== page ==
To make its popular wind-up toys—particularly vehicles ranging from carts to dirigibles—Marx would lithograph toy patterns onto large sheets of tinplated steel, which would then be die-cut, folded, and assembled. In order to keep production costs low, Marx would often repurpose dies, using the same model for several different toys. The Honeymoon Express, a wind-up train on a circular track with a plane circling above, became the Mickey Mouse Express and the Subway Express. The 1940 toy known as Tidy Tim Street Cleaner was originally Popeye pushing a barrel of spinach.

In the late '20s, Marx contracted with Girard Model Works to sell their Joy Line trains under the Marx brand. The business relationship lasted until the mid-’30s, when Marx acqui...

In the late '40s and early '50s, Marx began making the transition from die-cut tinplated steel to new, cheaper plastics. Because of this, the company’s old wind-up toys are treasured by toy fans and collectors today.

A particularly popular clockwork toy, Marx MerryMakers, features an elaborate scene of mice gathering around a piano to play music. A 1935 wind-up toy depicted a fireman gripping a ladder. When activated, the fireman, which was a separate piece, would actually move his legs to step up and down on the ladder. Some collectors will put two firemen on the ladder, but the toys were not sold this way.

Marx cars often featured unexpected and lively elements. Comic Car, a 1932 jalopy featuring four college boys, curved forward, stopped, and then backward in an arc. This car, like the 1940 Charlie McCarthy Buggy, had big rear wheels, a pattern that could also be used for a tractor. The 1932 Amos ‘n’ Andy Fresh Taxi would move forward, stop, and shake. Since these toys were mass-produced, the tin and its lithography has to be in top condition for the toy to have any value.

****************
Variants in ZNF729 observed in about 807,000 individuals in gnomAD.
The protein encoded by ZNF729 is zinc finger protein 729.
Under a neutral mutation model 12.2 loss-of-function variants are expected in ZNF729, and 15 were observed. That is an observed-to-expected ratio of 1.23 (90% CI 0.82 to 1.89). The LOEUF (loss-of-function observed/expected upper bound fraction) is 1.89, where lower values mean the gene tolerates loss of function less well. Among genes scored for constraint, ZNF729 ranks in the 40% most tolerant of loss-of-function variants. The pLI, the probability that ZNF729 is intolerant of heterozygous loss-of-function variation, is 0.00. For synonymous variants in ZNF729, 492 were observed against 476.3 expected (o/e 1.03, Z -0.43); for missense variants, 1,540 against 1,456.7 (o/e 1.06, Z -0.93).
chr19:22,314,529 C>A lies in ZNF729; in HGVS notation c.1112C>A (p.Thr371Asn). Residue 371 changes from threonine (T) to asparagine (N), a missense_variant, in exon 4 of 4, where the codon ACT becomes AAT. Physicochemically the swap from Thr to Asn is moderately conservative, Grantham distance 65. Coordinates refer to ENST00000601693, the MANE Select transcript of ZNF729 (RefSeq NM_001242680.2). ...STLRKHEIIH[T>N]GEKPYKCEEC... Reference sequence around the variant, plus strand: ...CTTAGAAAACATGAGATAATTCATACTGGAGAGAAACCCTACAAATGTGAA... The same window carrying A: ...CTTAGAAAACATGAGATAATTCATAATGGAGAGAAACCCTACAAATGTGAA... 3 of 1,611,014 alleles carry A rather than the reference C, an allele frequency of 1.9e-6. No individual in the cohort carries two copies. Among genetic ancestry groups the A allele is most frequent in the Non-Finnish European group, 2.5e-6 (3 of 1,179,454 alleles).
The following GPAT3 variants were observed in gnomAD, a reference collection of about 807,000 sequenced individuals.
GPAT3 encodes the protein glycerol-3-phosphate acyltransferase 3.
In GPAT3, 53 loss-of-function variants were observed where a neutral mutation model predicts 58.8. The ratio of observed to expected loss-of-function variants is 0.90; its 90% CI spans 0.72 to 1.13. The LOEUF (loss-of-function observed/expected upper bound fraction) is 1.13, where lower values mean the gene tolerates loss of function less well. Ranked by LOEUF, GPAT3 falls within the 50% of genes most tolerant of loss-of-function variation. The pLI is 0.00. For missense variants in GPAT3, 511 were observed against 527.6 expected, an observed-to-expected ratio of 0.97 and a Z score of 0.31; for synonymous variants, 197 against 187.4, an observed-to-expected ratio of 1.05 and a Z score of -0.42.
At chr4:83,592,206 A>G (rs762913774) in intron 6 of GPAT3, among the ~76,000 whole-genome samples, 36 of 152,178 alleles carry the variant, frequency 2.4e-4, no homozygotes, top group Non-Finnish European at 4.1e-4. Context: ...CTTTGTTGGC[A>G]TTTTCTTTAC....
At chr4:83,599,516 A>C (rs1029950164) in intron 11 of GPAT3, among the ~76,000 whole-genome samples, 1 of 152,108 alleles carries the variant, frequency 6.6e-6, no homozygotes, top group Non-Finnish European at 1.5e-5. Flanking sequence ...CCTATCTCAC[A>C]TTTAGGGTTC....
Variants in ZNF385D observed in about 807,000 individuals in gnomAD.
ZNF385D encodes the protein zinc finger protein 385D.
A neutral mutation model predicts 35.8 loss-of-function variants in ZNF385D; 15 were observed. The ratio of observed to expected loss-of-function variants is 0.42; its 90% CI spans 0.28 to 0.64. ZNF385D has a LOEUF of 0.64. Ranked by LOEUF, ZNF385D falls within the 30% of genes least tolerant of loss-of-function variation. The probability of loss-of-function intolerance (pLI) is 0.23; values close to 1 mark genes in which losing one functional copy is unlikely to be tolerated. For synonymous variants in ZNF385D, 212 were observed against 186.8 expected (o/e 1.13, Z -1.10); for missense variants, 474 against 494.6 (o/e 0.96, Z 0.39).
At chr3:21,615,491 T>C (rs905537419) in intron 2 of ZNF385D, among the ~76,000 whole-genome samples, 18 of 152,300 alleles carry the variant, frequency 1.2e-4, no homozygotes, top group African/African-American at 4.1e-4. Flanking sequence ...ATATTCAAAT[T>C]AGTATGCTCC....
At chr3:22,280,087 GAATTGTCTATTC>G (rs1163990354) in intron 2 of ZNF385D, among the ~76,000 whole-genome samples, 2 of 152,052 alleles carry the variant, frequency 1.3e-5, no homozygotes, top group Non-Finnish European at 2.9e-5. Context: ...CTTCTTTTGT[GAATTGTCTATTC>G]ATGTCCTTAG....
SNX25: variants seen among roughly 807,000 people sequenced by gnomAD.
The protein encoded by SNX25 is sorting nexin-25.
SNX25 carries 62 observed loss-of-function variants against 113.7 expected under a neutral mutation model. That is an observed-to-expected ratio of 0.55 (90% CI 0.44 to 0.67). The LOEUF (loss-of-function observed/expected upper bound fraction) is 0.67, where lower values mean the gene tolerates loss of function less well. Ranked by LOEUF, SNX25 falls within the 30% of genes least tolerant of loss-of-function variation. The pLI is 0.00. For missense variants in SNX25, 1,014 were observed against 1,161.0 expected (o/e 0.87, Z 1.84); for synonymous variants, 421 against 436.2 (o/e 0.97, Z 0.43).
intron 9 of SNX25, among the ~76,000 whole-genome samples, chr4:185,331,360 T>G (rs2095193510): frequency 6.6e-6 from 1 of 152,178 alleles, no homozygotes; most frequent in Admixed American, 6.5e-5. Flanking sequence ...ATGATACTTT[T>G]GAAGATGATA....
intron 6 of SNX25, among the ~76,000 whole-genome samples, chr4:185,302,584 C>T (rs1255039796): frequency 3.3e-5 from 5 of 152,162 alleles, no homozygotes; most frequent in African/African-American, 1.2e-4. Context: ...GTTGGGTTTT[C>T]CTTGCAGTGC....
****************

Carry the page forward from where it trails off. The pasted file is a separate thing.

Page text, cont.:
Sometimes Marx failures are the most treasured today. A 1936 tin train called Bunny Express, with a rabbit-shaped engine and open cars meant to pull candy, instantly flopped when it was released for the Easter season. Since few were made, collectors are always looking for this toy.

In the 1930s, Marx realized that World War II might lead to metal shortages, so the company began developing plastics that could be used to produce 100-piece playsets. These elaborate scenes, first issued in 1948, usually featured a structure like a fort or castle made out of lithographed tin, which formed the backdrops for scores of plastic figures in conflict, like cowboys and Indians or Union and Confederate soldiers.